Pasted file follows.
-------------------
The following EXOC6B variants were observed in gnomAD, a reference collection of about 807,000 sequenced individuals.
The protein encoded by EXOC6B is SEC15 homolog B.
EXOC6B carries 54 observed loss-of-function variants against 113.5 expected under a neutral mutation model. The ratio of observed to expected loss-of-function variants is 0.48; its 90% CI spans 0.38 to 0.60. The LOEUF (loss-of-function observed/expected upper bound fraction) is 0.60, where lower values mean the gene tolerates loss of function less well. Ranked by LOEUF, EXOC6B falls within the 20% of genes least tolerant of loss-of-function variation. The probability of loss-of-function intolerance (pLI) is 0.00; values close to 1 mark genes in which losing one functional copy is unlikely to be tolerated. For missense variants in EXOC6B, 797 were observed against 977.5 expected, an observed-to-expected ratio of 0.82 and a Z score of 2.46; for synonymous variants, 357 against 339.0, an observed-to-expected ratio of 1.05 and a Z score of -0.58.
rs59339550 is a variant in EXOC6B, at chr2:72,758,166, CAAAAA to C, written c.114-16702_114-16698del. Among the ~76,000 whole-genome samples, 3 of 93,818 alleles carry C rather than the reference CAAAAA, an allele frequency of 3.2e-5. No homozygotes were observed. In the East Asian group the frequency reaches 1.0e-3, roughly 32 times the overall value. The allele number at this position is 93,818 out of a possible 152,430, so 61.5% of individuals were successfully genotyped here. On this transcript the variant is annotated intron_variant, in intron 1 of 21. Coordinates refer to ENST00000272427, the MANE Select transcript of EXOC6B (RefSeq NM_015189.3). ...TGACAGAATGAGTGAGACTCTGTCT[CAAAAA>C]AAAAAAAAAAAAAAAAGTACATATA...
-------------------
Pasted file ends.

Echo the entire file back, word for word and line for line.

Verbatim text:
The following EXOC6B variants were observed in gnomAD, a reference collection of about 807,000 sequenced individuals.
The protein encoded by EXOC6B is SEC15 homolog B.
EXOC6B carries 54 observed loss-of-function variants against 113.5 expected under a neutral mutation model. The ratio of observed to expected loss-of-function variants is 0.48; its 90% CI spans 0.38 to 0.60. The LOEUF (loss-of-function observed/expected upper bound fraction) is 0.60, where lower values mean the gene tolerates loss of function less well. Ranked by LOEUF, EXOC6B falls within the 20% of genes least tolerant of loss-of-function variation. The probability of loss-of-function intolerance (pLI) is 0.00; values close to 1 mark genes in which losing one functional copy is unlikely to be tolerated. For missense variants in EXOC6B, 797 were observed against 977.5 expected, an observed-to-expected ratio of 0.82 and a Z score of 2.46; for synonymous variants, 357 against 339.0, an observed-to-expected ratio of 1.05 and a Z score of -0.58.
rs59339550 is a variant in EXOC6B, at chr2:72,758,166, CAAAAA to C, written c.114-16702_114-16698del. Among the ~76,000 whole-genome samples, 3 of 93,818 alleles carry C rather than the reference CAAAAA, an allele frequency of 3.2e-5. No homozygotes were observed. In the East Asian group the frequency reaches 1.0e-3, roughly 32 times the overall value. The allele number at this position is 93,818 out of a possible 152,430, so 61.5% of individuals were successfully genotyped here. On this transcript the variant is annotated intron_variant, in intron 1 of 21. Coordinates refer to ENST00000272427, the MANE Select transcript of EXOC6B (RefSeq NM_015189.3). ...TGACAGAATGAGTGAGACTCTGTCT[CAAAAA>C]AAAAAAAAAAAAAAAAGTACATATA...